North Dallas Forty
|North Dallas Forty|
Promotional poster for North Dallas Forty
|Directed by||Ted Kotcheff|
|Produced by||Frank Yablans|
|Written by||Peter Gent
Nancy Dowd (uncredited)
G. D. Spradlin
Savannah Smith Boucher
|Music by||John Scott|
|Edited by||Jay Kamen|
|Distributed by||Paramount Pictures|
North Dallas Forty is a 1979 American sports comedy-drama film starring Nick Nolte, Mac Davis, and G. D. Spradlin set in the decadent world of American professional football in the late 1970s. It was directed by Ted Kotcheff and based on the best-selling novel by Peter Gent. The screenplay was by Kotcheff, Gent, Frank Yablans, and Nancy Dowd (uncredited). This was the first film role for Davis, a popular country music recording artist.
Though considered to possess "the best hands in the game", the aging Elliott has been benched and relies heavily on painkillers. Elliott and popular quarterback Seth Maxwell (Davis) are outstanding players, but they also characterize the drug-, sex-, and alcohol-fueled party atmosphere of that era. Elliott wants only to play the game, retire, and live on a horse farm with his girlfriend Charlotte (Dayle Haddon), who appears to be financially independent, and has no interest whatsoever in football.
The Bulls play for an iconic coach (Spradlin), who turns a blind eye to anything that his players may be doing off the field or anything that his assistant coaches and trainers condone to keep those players in the game. The coach is focused on player "tendencies", a quantitative measurement of their performance, and seems less concerned about the human aspect of the game and the players. As one player (John Matuszak) finally erupts to a coach (Charles Durning): "Every time I call it a game, you call it a business. And every time I call it a business, you call it a game." The coaches manipulate Elliott to convince a younger, injured rookie on the team to start using painkillers.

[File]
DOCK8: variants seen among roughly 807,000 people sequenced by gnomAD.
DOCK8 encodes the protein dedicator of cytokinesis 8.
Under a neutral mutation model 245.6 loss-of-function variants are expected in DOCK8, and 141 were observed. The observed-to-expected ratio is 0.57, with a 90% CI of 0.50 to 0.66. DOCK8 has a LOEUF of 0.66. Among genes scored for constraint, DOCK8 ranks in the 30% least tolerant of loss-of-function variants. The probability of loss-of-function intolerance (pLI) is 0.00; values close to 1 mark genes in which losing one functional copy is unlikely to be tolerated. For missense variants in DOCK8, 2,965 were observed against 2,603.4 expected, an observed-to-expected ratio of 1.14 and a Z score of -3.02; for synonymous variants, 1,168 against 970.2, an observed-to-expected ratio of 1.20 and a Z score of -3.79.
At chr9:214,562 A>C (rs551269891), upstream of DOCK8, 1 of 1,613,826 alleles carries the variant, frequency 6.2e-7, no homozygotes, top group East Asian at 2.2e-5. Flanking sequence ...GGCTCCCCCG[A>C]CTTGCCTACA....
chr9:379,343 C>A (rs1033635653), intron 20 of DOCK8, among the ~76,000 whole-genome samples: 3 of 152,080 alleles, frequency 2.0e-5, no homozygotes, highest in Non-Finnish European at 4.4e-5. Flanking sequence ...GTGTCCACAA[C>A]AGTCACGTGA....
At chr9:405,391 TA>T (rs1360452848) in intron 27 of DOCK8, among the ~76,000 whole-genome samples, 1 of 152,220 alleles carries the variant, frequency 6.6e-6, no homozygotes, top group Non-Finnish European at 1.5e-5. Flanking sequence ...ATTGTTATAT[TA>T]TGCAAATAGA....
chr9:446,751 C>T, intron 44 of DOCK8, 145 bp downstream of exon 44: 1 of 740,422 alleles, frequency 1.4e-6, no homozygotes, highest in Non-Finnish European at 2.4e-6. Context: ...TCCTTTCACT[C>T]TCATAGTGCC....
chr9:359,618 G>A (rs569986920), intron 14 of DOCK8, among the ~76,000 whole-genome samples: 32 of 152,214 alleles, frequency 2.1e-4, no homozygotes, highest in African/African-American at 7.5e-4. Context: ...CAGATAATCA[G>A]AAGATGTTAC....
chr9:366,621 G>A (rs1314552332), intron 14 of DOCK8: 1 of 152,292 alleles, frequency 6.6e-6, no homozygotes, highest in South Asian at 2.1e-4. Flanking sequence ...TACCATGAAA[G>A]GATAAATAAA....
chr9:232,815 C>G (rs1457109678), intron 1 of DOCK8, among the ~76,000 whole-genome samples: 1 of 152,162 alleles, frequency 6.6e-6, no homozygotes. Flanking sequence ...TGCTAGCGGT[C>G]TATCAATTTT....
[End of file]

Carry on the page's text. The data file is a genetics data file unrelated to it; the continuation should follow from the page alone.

Elliott's nonconformist attitude incurs the coach's wrath more than once, and at one point, the coach informs Elliott that his continuing attitude could affect his future with the Bulls. After the Bulls lose their final game of the season in Chicago, Elliott learns that a Dallas detective has been hired by the Bulls to follow him. They turn up proof of his marijuana use and a sexual relationship with a woman who intends to marry team executive Emmett Hunter (Dabney Coleman), brother of owner Conrad Hunter (Steve Forrest). Though the detective witnessed quarterback Seth Maxwell engaging in similar behavior, he pretends not to have recognized him. After they tell him he is to be suspended without pay pending a league hearing, Elliott, convinced that the entire investigation is merely a pretext to allow the team to save money on his contract, quits the game of football for good.
Behind the scenes
Based on the semiautobiographical novel by Peter Gent, a Cowboys wide receiver in the late 1960s, the film's characters closely resemble real-life team members of that era, with Seth Maxwell often compared to quarterback Don Meredith, B.A. Strother to Tom Landry, and Elliott to Gent. Of the story, Meredith said, "If I'd known Gent was as good as he says he was, I would have thrown to him more."
- Nick Nolte as Phil Elliott
- Mac Davis as Seth Maxwell
- G.D. Spradlin as B.A. Strother
- Dayle Haddon as Charlotte Caulder
- Bo Svenson as Joe Bob Priddy
- John Matuszak as O.W. Shaddock
- Steve Forrest as Conrad Hunter
- Dabney Coleman as Emmett Hunter
- Charles Durning as Coach Johnson
- Marshall Colt as Art Hartman
- Savannah Smith Boucher as Joanne Rodney